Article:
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“La Cucaracha”

Before moving into Manhattan, I knew that cockroaches were something New Yorkers just accepted, like street garbage or getting to second base with complete strangers on the subway during rush hour.

After being away for a week promoting my book, I returned home to find a cockroach on my bathroom floor. But not just any cockroach. In my four years in The Big Apple I’ve had my share, but they’ve been on the itsy bitsy teensy weensy side. What I found sleeping aside my toilet was something with a wingspan similar to a Boeing 757. I’m also pretty sure I saw a logo on its back.

Once my heartrate returned to a normal clip, I peeked back into the bathroom (which took coaxing from a friend I called) to see if my unwanted roommate was still there. She was, and what’s more, she was on her back. Phew, I thought, dead. I grabbed a newspaper and shoveled her into a plastic bag, then made a special trip down five flights to the garbage bins. Walking back up I spied another whopper of a cockroach – it too, on its back – dead, on the second floor stairwell. Are you kidding me? I said out loud to no one in particular and made a note to call the landlord’s exterminator. In the meantime I needed to pass and was too creeped out to step over the little guy, so I nudged it with my sneaker. When he (yes, I’m pretty sure this one was a male) landed on his feet, he started to sprint as though he were running the 4×4 relay in the Olympics. Before I could catch my breath, he crawled under the door of 2B. Mouth agape, I bolted up the stairs to the safety (so I chose to believe) of my apartment, slammed and locked the door, and called my friend back.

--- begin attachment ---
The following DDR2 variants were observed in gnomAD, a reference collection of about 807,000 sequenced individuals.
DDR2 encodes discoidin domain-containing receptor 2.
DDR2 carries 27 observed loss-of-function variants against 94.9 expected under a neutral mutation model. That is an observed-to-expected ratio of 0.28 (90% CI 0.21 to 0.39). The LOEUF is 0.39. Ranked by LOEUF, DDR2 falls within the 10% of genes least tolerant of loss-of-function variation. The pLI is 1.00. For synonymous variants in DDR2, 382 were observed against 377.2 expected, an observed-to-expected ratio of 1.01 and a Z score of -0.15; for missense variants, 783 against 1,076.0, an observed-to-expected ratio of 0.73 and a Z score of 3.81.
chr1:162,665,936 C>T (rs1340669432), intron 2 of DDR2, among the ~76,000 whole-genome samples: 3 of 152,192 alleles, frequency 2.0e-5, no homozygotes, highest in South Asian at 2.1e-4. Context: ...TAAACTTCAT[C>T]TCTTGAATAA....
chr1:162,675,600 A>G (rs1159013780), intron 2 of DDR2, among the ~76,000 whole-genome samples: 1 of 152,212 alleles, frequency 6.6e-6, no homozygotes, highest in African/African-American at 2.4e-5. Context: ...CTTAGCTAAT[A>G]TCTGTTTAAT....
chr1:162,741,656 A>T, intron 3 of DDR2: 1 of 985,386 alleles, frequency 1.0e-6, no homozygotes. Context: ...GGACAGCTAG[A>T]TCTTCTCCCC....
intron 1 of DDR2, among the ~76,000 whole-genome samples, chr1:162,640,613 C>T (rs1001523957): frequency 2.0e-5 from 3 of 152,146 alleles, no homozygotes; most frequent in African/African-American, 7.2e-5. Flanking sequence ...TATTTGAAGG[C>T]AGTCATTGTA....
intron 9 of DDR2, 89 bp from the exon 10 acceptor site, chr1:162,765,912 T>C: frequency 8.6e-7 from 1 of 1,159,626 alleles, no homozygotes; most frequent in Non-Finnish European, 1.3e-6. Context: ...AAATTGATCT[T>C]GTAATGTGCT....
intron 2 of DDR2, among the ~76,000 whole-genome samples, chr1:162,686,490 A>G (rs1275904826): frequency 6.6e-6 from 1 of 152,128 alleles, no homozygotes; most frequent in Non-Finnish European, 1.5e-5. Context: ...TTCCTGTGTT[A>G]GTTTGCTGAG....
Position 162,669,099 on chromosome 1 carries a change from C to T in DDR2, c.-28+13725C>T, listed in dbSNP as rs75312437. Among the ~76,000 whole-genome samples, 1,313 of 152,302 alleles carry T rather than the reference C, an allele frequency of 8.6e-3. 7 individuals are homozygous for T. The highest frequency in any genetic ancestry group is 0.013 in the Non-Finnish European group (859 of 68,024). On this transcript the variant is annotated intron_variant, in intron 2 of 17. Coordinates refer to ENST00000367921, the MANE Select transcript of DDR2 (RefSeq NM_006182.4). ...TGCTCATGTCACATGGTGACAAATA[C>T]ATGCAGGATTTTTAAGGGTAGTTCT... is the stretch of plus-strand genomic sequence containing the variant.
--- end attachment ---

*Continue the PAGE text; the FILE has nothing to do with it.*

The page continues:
“But he was on his back!” I said. “Doesn’t that mean dead?”

“Oh no,” said my friend nonchalantly, “cockroaches are like turtles, they can’t flip themselves over.”

 My skin started to crawl. I pictured my earlier scenario and me scooping up what I thought was a ginormous dead cockroach, only now, the same scenario had the roach jumping onto me. Not pretty.

 One of the drawbacks of living in a 90 square foot apartment is that the smallness of the surroundings can make something quite little appear much larger than it really is.

 Lucky me.

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